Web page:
August 16, 2023

Miners, tech companies sink ASX as China’s struggles rattle investors

By Millie Muroi
Updated August 16, 2023 — 12.39pmfirst published at 5.23am
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Information technology and mining companies dragged the Australian sharemarket down on Wednesday following a negative lead from Wall Street and a concerning global outlook from the world’s second-largest economy.

The S&P/ASX 200 was down 93.3 points, or 1.3 per cent, to 7211.7 at about 12.15pm AEST as all sectors except real estate investment trusts (REITs) traded in the red.

Wall Street is lower across the board.Credit: AP

The Australian dollar, which tends to perform better when investors are optimistic about the global economy and the world’s demand for the country’s resources, continued to fall. It was fetching 64.49 US cents at about 10.30am AEST.

REITs (up 0.2 per cent) was the only sector in the green. Mirvac added 4.2 per cent despite warning its earnings would fall further in its most recent full-year report, Vicinity Centres climbed 3.1 per cent despite posting lower net profit compared to last financial year and Stockland also gained, lifting 2.2 per cent.

Communication services companies (down 0.3 per cent) were also relatively resilient, with REA Group (up 0.7 per cent) among the biggest large-cap advancers.

EBOS Group (up 0.9 per cent) bolstered the healthcare sector (down 0.3 per cent) along with Resmed (up 0.3 per cent) as investors stayed with defensive stocks.


Lithium companies bucked the trend among mining stocks with Liontown gaining 0.7 per cent and Pilbara Minerals adding 0.3 per cent amid a 2 per cent fall in the mining sector more broadly.

Iron ore heavyweights BHP (down 2.6 per cent), Fortescue (down 2.2 per cent) and Rio Tinto (down 2.1 per cent) all declined despite a 0.6 per cent increase in iron ore prices overnight.


Meanwhile, the country’s biggest bank, CBA, shed 3.4 per cent amid a 1.7 per cent decline in the broader financials sector. All four big banks traded lower including NAB (down 0.9 per cent), Westpac (down 1.1 per cent) and ANZ (down 1 per cent).

Information technology (down 3 per cent) was the weakest sector on the local bourse as WiseTech dropped 3.8 per cent, NEXTDC lost 2.8 per cent and TechnologyOne fell 2.8 per cent.

A sharp drop for Wall Street capped a day of declines around the world after discouraging data on China raised worries about the global economy.

The S&P 500 slumped 1.2 per cent for one of its worst drops this year after data showed a deepening slump for the world’s second-largest economy. The Dow Jones tumbled 361 points, or 1 per cent, and the Nasdaq Composite sank 1.1 per cent.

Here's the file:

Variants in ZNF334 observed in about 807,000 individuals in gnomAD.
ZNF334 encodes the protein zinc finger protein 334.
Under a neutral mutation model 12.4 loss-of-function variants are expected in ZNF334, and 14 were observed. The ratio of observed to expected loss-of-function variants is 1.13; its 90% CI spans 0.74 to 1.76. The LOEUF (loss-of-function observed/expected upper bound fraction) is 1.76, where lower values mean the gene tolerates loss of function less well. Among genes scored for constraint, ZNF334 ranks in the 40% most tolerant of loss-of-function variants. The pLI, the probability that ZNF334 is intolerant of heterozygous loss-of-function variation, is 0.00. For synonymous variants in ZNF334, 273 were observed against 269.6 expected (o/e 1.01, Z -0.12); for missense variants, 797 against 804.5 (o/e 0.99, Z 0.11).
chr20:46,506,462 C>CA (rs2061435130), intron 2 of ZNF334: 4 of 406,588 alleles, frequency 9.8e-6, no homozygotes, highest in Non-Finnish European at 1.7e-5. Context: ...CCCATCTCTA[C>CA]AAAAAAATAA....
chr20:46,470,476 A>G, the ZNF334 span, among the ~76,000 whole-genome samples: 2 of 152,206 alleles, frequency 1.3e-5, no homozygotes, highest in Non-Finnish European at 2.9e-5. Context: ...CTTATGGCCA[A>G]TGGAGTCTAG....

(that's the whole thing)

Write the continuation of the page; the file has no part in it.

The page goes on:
Coming into this year, the expectation was that China’s economy would grow enough after the government removed anti-COVID restrictions to prop up a global economy weakened by high inflation. But China’s recovery has faltered so much that it unexpectedly cut a key interest rate on Tuesday and skipped publishing a report on how many of its younger workers are unemployed.

Worries about the knock-on effects for the rest of the global economy are weighing on Wall Street, where stocks have already been retrenching in August. The pullback follows a gangbusters first seven months of the year that critics called overdone.

China’s economy continues to falter.Credit: Bloomberg

In the US, the economy has remained more resilient than expected despite higher interest rates. A report on Tuesday showed growth for sales at US retailers accelerated by more in July than economists expected.

The strong retail sales report raises hopes that the US economy can keep growing and avoid a long-predicted recession. But on the downside for markets, it could also raise the Federal Reserve’s resolve to keep interest rates high in order to fully grind down inflation.

The Fed has already hiked its key interest rate to the highest level in more than two decades. High rates work by bluntly dragging on the entire economy and hurting prices for investments.

A faltering Chinese economy could mean less demand for oil and other commodities.

The price for a barrel of US crude oil dropped $US1.52 to $US80.99. Prices also fell for Brent crude, the international standard, and for copper.


The declines meant stocks of energy producers were among the biggest losers in the S&P 500. Exxon Mobil’s 2.6 per cent drop was one of the heavier weights on the index.

Banks also sank, continuing a rocky run since the high-profile failures of several during the spring that were caused in part by high interest rates.

In stock markets abroad, indexes slumped in Europe after falling 1 per cent in Hong Kong and 0.1 per cent in Shanghai.

Pressures are appearing worldwide. Also on Tuesday, Russia’s central bank raised its main lending rate in an emergency move to strengthen the rouble after the currency reached its lowest value since early in the war with Ukraine. In the UK, data showed wages for workers are growing at a strong pace, which threatens to add upward pressure on its already high inflation.

With AP

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Millie Muroi is a business reporter at The Sydney Morning Herald covering banks.Connect via Twitter or email.


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